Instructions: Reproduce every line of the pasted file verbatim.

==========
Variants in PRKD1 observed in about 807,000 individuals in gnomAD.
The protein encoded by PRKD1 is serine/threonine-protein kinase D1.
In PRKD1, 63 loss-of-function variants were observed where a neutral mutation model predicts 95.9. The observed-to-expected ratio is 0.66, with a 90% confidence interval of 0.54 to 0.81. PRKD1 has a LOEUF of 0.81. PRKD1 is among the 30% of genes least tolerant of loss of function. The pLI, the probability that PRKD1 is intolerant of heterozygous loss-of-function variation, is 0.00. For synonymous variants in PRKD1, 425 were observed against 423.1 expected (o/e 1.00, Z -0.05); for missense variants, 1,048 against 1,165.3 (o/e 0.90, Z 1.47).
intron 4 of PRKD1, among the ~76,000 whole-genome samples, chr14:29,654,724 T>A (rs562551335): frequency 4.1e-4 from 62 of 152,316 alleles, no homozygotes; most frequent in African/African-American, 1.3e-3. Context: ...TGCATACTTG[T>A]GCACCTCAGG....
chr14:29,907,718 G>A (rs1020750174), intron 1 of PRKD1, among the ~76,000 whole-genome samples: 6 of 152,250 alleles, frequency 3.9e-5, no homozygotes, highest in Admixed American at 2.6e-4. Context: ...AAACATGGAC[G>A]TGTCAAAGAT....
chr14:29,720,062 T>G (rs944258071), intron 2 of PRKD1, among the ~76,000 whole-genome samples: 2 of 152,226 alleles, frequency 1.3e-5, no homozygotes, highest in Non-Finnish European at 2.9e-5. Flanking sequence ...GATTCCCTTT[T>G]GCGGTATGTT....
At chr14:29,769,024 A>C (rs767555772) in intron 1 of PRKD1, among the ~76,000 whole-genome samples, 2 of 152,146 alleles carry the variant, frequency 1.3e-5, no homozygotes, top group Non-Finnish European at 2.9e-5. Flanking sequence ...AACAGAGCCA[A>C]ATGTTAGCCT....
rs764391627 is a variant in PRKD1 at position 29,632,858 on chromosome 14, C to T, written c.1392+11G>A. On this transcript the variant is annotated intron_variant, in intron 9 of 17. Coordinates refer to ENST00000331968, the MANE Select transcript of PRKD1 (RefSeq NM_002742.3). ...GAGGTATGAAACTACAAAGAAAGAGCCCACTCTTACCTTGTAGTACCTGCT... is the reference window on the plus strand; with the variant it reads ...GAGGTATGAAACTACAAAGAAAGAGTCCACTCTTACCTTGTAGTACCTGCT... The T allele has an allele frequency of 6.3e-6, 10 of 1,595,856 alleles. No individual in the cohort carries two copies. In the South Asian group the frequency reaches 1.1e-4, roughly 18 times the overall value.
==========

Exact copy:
Variants in PRKD1 observed in about 807,000 individuals in gnomAD.
The protein encoded by PRKD1 is serine/threonine-protein kinase D1.
In PRKD1, 63 loss-of-function variants were observed where a neutral mutation model predicts 95.9. The observed-to-expected ratio is 0.66, with a 90% confidence interval of 0.54 to 0.81. PRKD1 has a LOEUF of 0.81. PRKD1 is among the 30% of genes least tolerant of loss of function. The pLI, the probability that PRKD1 is intolerant of heterozygous loss-of-function variation, is 0.00. For synonymous variants in PRKD1, 425 were observed against 423.1 expected (o/e 1.00, Z -0.05); for missense variants, 1,048 against 1,165.3 (o/e 0.90, Z 1.47).
intron 4 of PRKD1, among the ~76,000 whole-genome samples, chr14:29,654,724 T>A (rs562551335): frequency 4.1e-4 from 62 of 152,316 alleles, no homozygotes; most frequent in African/African-American, 1.3e-3. Context: ...TGCATACTTG[T>A]GCACCTCAGG....
chr14:29,907,718 G>A (rs1020750174), intron 1 of PRKD1, among the ~76,000 whole-genome samples: 6 of 152,250 alleles, frequency 3.9e-5, no homozygotes, highest in Admixed American at 2.6e-4. Context: ...AAACATGGAC[G>A]TGTCAAAGAT....
chr14:29,720,062 T>G (rs944258071), intron 2 of PRKD1, among the ~76,000 whole-genome samples: 2 of 152,226 alleles, frequency 1.3e-5, no homozygotes, highest in Non-Finnish European at 2.9e-5. Flanking sequence ...GATTCCCTTT[T>G]GCGGTATGTT....
At chr14:29,769,024 A>C (rs767555772) in intron 1 of PRKD1, among the ~76,000 whole-genome samples, 2 of 152,146 alleles carry the variant, frequency 1.3e-5, no homozygotes, top group Non-Finnish European at 2.9e-5. Flanking sequence ...AACAGAGCCA[A>C]ATGTTAGCCT....
rs764391627 is a variant in PRKD1 at position 29,632,858 on chromosome 14, C to T, written c.1392+11G>A. On this transcript the variant is annotated intron_variant, in intron 9 of 17. Coordinates refer to ENST00000331968, the MANE Select transcript of PRKD1 (RefSeq NM_002742.3). ...GAGGTATGAAACTACAAAGAAAGAGCCCACTCTTACCTTGTAGTACCTGCT... is the reference window on the plus strand; with the variant it reads ...GAGGTATGAAACTACAAAGAAAGAGTCCACTCTTACCTTGTAGTACCTGCT... The T allele has an allele frequency of 6.3e-6, 10 of 1,595,856 alleles. No individual in the cohort carries two copies. In the South Asian group the frequency reaches 1.1e-4, roughly 18 times the overall value.